American Holly (Ilex opaca) is an evergreen shrub and tree that grows 10-20 meters tall from Massachusetts to Florida, west to Texas. Holly leaves are a glossy green and range 5-7.5 cm long and 2-4 cm wide. Leaves form in an alternate pattern, and have several sharp points along the edge. Holly “berries” are called drupes, and ripen from a green to a bright red color in the fall. Drupes are poisonous to humans, and will stay on the plant throughout the winter. Small white flowers bloom from April to June. Holly is commonly found in the understory of a forest due to its shade-tolerance.
Many animals use American Holly as a food source including Wild Turkeys, Northern Bobwhite, songbirds, deer, raccoons, Eastern Box Turtle, mice, chipmunks, squirrels, and cottontails. Holly trees also provide nesting habitat and shelter for several animals as well. These animals aid holly by spreading its seeds to create more plants.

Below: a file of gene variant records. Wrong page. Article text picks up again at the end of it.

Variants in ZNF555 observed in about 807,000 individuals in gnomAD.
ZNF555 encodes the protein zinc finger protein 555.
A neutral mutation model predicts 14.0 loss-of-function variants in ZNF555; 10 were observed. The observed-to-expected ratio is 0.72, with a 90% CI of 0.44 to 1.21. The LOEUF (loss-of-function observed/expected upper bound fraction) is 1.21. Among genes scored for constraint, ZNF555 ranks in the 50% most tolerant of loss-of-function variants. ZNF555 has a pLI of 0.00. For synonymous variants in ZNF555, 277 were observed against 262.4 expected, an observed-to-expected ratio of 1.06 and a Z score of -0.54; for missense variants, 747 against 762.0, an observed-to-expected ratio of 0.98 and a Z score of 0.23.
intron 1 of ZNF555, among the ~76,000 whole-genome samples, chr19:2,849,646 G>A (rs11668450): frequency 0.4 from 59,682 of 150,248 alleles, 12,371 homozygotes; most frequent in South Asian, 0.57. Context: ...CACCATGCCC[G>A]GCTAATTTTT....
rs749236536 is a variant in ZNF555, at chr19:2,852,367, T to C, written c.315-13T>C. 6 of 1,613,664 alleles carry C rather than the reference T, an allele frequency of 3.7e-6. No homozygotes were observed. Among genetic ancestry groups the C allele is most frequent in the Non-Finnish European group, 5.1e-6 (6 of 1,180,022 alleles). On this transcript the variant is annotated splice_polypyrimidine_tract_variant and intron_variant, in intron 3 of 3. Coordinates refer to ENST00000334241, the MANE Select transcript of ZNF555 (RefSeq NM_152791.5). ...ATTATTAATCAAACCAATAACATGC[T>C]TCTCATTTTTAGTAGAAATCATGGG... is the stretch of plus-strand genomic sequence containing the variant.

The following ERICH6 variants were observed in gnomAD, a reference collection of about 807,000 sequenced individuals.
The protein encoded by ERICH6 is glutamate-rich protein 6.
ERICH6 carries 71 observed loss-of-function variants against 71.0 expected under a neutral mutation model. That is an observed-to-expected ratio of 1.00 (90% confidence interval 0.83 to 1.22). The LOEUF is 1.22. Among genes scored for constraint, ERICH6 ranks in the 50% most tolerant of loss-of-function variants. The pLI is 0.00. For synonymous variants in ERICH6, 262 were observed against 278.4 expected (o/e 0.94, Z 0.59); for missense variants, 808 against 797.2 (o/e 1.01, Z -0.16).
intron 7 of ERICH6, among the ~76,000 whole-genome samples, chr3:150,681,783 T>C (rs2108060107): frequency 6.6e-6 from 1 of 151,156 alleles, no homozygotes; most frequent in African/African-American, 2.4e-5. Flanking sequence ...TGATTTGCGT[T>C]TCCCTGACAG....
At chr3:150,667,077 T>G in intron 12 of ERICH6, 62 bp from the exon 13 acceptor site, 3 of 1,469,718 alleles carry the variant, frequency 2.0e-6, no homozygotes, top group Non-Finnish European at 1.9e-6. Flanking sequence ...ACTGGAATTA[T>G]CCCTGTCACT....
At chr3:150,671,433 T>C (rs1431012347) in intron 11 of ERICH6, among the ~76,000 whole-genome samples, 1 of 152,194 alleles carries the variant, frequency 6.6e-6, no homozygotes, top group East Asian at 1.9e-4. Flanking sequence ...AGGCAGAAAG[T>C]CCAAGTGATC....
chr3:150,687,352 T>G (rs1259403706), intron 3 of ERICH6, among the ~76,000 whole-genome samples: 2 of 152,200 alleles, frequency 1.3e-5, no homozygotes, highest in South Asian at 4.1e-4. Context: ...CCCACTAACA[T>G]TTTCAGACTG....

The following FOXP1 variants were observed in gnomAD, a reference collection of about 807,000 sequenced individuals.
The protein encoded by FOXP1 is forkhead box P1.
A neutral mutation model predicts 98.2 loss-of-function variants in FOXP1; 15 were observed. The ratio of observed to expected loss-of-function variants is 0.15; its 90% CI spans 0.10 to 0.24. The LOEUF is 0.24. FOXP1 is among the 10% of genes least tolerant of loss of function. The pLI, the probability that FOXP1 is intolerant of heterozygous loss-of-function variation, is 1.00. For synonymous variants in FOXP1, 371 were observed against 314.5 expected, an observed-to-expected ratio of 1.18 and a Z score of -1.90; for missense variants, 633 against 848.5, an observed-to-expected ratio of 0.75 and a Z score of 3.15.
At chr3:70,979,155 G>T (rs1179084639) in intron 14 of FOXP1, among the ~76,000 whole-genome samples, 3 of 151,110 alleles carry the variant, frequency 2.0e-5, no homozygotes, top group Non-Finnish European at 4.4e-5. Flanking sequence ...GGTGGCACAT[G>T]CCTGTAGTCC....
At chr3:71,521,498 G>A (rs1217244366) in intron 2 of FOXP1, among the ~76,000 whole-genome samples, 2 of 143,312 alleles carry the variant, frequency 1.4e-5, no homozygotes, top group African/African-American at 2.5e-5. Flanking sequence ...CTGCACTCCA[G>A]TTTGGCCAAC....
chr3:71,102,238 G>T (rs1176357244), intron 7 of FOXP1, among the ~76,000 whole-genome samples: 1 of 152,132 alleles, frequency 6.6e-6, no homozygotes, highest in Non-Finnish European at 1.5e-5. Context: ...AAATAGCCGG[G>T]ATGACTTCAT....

Around Christmas and the holidays, holly is a very popular decoration, and can be overharvested in more populated areas. This plant is a common landscape species, and often used for hedges. Its wood is used for piano keys, violin pegs, cabinets and handles. Nectar is collected from holly to make honey as well.